Squanto finished

Except for binding, Squanto is finished.  I will work on binding the mat tonight.  It will be around 12" by 13" when all is said and done.  I had planned a larger piece with more of his shirt and ornaments exposed. But once I hooked it, the focus of the picture changed to his ornamentation, rather than his face.  So I ripped out about 5" of hooking at the bottom, pulled out the dream-catcher circle in his hair, and worked to edit out all the details so that only his face, with all its gratitude, was left.

Hooking this piece again reminded me that less is better.  Period.
Rip out what I don't like.  Because just adding more hooking to what I already don't like isn't going to make me like it any better.
It is tough to hook a "monochromic" picture.  Now this really wasn't monochromic because I didn't use a single swatch of wool in one hue.  I used five different, yet closely related swatches to give the impression of a monochromic picture, while allowing me some freedom to cluster certain colors against others.
I also want to say that the background was really fun to do.  I just used up my scraps from the rest of the piece, trying to cluster color and values to get a soft out-of-focus landscape background effect.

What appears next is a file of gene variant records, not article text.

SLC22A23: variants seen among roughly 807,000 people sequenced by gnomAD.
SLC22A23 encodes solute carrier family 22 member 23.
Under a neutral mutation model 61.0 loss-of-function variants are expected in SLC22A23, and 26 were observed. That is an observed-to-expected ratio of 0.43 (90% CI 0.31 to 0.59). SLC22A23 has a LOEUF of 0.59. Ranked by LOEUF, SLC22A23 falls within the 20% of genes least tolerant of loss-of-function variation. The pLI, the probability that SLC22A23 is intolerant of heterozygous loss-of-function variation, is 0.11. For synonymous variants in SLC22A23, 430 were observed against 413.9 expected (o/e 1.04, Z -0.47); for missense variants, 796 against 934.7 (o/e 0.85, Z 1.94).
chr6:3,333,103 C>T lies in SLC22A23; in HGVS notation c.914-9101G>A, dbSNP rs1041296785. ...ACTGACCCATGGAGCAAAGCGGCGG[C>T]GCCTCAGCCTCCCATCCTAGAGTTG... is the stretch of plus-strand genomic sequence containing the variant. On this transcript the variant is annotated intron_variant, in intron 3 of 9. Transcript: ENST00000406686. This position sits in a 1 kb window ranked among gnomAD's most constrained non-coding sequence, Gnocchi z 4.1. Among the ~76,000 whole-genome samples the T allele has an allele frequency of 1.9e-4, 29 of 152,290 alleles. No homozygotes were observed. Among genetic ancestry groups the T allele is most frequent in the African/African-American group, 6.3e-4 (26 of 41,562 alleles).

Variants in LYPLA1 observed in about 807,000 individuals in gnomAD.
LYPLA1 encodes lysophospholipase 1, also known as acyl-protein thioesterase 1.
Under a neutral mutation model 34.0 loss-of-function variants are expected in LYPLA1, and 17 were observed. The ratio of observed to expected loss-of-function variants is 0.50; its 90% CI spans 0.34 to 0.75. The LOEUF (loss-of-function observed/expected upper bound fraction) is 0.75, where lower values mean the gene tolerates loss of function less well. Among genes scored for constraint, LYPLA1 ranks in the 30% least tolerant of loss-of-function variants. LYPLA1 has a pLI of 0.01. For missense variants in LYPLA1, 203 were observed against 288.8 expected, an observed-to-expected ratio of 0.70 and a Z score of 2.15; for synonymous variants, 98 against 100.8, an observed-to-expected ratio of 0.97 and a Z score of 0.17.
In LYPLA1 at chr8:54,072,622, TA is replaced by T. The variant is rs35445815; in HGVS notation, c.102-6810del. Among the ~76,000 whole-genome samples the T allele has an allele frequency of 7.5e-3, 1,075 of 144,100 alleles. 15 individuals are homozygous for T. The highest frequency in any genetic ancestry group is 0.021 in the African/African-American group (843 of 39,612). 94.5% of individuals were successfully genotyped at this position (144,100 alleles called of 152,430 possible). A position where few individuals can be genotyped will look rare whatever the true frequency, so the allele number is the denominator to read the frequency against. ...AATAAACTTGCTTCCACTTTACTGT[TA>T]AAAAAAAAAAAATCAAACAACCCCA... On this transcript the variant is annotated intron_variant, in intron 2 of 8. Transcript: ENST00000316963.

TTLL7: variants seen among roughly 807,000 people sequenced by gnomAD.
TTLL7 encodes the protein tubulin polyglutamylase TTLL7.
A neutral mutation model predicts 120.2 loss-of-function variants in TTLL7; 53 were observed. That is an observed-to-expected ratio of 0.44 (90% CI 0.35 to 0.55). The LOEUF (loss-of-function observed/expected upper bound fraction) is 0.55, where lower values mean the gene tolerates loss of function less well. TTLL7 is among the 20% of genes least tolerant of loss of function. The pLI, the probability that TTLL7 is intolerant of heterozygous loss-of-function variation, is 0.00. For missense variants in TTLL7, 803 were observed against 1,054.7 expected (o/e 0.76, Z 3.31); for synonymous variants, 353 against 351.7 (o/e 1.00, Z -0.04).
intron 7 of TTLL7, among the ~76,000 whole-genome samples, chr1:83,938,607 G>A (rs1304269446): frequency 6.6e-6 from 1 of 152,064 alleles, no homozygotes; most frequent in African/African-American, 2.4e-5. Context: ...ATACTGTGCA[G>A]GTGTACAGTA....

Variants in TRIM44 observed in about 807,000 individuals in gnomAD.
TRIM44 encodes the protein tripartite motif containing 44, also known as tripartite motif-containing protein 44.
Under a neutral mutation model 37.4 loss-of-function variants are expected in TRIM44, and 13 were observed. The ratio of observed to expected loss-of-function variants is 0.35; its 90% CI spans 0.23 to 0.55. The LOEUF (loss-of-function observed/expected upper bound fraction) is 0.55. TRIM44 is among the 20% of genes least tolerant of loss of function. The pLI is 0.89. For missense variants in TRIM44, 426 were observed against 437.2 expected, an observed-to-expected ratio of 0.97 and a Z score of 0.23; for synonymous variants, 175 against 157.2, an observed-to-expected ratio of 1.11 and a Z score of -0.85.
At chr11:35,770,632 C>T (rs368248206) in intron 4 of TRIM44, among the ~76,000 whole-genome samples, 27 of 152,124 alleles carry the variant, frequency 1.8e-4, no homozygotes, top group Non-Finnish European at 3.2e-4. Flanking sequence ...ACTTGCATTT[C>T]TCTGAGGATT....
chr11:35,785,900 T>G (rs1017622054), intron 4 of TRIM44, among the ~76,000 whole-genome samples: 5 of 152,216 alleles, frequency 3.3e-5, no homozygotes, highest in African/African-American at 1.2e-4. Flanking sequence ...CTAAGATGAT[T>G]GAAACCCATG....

Well it is after Halloween, and Matilda is still hanging above my fireplace in that wonderful shadowbox I bought a month ago.  So this can't continue.  Matilda has to come down. Her month is over. The problem is that I do not have a mat hooked to fill the space between now and Christmas when St. Nicholas will be pinned up.

What to do?  Guess I have to stop hooking the big Palette Constellation rug for a few days and get a Thanksgiving mat done.  I browsed the web and located an antique photo circa 1900 that I fell in love with.  Very soulful.  And thankful.

So I have started to work on it.  I have a photo to the left of the colors of wools I am using: Wilde Wood 117; Faune Brown 114; Hubbard Fig 119; Sea Shells 142; Red Oak 144; Toadstool 121.  All are 8-value packs.

I have no idea who the man is in the picture, but I am calling him Squanto in memory of one of the Wampangao who was known to help the Pilgrims.  Governor William Bradford wrote that Squanto was "a special instrument sent of God."  He appeared in Plymouth in the Spring of 1621 and helped the few Pilgrims who survived the winter of 1620 after landing. Bradford wrote about him, “Squanto was a native of these parts…one of the few survivors of the plague… He was carried away with others by one Hunt, a captain of a ship, who intended to sell them for slaves in Spain; but he got away for England, and was received by a merchant in London, employed in Newfoundland… and lastly brought into these parts by a Captain Dermer. Squanto stayed with them and was their interpreter…He showed them how to plant corn, where to take fish and other commodities, and guided them to unknown places… Nor was there a man among them who had ever seen a beaver skin till they were instructed by Squanto.”